Unfortunately, bathrooms are not the only area in which the transgender political agenda and the rights of women are in direct conflict. This also occurs in the area of sports. I am 47. I have seen the rise of women’s sports in my own lifetime. Title IX opened the door to women's sports programs in 1972 and required gender equality by the 1978-79 school year. I was in 4th grade that year. I have never been an athlete, but I understand and appreciate the hard fought ground that was gained by female athletes in the 70s and 80s. Fast forward to just a few short years ago. The London Olympics in 2012 were the very first Olympic games in which every participating country had female athletes and the first Olympics in which female athletes competed in every available Olympic sport. Let that sink in for a moment. 2012. Women have had to fight hard to have some semblance of respect and equality in athletics. Yet now in 2017, that ground is being chipped away.
This is where the difference in sex and gender must be recognized as a reality that cannot be denied or assuaged. Gender is a social construct, not a scientific or biological one. The construct of gender is the prescribed behavior within any given culture, be it dress, mannerisms, or other actions that are gender specific. Sex is the biological genetic material that defines and separates the physiology of male and female beyond genitalia. It is scientific and ultimately unchangeable.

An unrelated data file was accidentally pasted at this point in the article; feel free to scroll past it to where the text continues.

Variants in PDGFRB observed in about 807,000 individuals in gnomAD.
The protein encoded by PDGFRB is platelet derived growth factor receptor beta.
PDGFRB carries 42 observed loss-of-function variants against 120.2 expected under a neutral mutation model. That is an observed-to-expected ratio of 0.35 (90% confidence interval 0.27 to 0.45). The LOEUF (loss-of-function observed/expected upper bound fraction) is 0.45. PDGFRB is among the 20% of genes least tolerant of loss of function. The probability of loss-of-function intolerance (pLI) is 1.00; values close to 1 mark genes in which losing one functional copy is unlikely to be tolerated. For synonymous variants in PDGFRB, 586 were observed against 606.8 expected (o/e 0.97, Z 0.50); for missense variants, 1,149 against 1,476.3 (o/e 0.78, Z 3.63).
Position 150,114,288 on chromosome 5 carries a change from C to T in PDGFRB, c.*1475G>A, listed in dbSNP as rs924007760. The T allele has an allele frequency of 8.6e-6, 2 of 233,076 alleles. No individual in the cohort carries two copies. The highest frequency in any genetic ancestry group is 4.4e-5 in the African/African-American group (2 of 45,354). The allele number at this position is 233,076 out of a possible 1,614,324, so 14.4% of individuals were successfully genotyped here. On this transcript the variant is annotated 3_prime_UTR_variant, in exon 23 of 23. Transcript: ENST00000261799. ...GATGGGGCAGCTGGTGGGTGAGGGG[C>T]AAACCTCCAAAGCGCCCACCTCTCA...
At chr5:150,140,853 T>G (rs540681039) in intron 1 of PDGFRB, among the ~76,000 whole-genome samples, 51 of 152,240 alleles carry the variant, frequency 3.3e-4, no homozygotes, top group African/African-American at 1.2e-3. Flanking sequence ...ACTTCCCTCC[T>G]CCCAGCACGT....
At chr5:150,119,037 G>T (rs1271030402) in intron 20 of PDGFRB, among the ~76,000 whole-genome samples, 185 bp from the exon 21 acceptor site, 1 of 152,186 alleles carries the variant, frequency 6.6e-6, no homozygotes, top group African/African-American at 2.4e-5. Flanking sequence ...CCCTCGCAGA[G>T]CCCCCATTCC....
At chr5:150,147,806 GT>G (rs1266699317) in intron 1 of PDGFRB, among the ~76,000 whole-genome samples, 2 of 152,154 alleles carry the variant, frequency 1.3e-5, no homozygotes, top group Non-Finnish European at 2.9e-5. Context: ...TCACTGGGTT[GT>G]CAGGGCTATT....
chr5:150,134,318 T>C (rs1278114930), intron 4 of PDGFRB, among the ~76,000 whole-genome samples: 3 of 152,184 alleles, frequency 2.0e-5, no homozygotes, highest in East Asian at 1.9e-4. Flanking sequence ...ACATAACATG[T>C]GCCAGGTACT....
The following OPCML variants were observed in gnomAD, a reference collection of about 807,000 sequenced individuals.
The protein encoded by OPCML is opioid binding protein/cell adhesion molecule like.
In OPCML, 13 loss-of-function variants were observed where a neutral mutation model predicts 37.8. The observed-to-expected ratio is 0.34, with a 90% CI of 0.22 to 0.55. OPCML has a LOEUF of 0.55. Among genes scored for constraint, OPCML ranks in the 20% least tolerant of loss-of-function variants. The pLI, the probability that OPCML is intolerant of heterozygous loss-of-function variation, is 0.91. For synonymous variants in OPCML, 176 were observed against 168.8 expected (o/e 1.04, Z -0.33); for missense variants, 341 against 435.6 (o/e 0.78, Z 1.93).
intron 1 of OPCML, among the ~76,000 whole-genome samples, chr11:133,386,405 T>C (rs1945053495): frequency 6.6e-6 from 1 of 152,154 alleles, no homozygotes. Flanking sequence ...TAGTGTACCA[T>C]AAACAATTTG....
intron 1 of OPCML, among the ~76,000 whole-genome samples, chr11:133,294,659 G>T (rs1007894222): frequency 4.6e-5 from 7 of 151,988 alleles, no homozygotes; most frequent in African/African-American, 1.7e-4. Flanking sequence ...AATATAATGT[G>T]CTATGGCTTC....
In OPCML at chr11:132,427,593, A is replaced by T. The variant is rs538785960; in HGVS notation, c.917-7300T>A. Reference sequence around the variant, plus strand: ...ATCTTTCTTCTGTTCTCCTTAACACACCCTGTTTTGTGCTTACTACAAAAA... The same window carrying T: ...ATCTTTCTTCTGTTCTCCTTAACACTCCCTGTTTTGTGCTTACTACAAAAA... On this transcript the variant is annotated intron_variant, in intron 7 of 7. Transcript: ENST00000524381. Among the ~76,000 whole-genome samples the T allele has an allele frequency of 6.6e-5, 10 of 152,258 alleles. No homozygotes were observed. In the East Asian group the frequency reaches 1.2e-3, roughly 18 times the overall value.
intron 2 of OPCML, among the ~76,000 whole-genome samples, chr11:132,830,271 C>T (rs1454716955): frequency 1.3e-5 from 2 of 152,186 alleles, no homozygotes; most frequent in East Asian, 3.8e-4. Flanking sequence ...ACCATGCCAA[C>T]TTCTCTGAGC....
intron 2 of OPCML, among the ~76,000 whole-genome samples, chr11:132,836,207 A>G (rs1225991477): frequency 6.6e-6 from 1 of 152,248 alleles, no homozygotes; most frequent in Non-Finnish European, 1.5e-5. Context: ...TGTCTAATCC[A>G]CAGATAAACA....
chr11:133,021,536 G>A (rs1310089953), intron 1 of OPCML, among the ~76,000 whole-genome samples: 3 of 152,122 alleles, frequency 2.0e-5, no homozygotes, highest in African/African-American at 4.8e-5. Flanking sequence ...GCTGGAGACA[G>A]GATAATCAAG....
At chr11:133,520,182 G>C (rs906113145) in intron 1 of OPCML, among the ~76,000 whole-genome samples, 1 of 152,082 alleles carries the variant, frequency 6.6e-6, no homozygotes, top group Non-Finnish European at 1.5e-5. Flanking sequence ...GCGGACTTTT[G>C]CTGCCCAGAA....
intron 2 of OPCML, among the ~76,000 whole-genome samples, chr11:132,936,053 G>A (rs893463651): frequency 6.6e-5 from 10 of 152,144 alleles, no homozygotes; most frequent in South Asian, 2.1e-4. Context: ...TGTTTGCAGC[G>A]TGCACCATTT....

Yet, biologically male athletes are now competing against biologically female athletes in women’s sports. Whether it is Fallon Fox shattering eye sockets in the MMA, or the more recent news of Laurel Hubbard shattering national women’s weightlifting records in New Zealand, the stories abound. With everything in me, I do not understand why this is allowed. When a person is born male, he is male at a genetic level. No amount of surgery or artificial hormone usage can change that. Men and women have different bone and muscle masses, different lung capacities, different heart sizes and different amounts of blood circulating through their bodies. During organ transplant surgery of hearts and livers, there is a greater risk of rejection with "cross gender" transplantation. Our bodies naturally recognize the fundamental differences between male and female. Those things are not altered during sex reassignment. So, how are girls supposed to fairly compete for titles and scholarships in high school against genetically male students? How are women’s sports records supposed to be taken seriously if they are set by athletes who are genetically and biologically male? How are female athletes supposed to compete against biologically male athletes without risking serious injury?
To complicate matters even further, we also have biologically female athletes, who are in transition and taking male hormones, competing against other female students. Steroid usage is not allowed in competitive sports because of health risks and because it creates an unfair advantage. Can’t the same argument be made against high artificial levels of testosterone?
I don’t claim to have all the answers and the further we go down this road, the more complicated and convoluted the circumstances become. But as a woman, as a mother, and as a girl who grew up during the sexual revolution, my voice and my concerns matter on this issue. An entire new generation of young girls are waiting and watching. Are we going to stand up for them, or will we shrink back and allow our collective voices to be silenced?
by Debi Vandenboom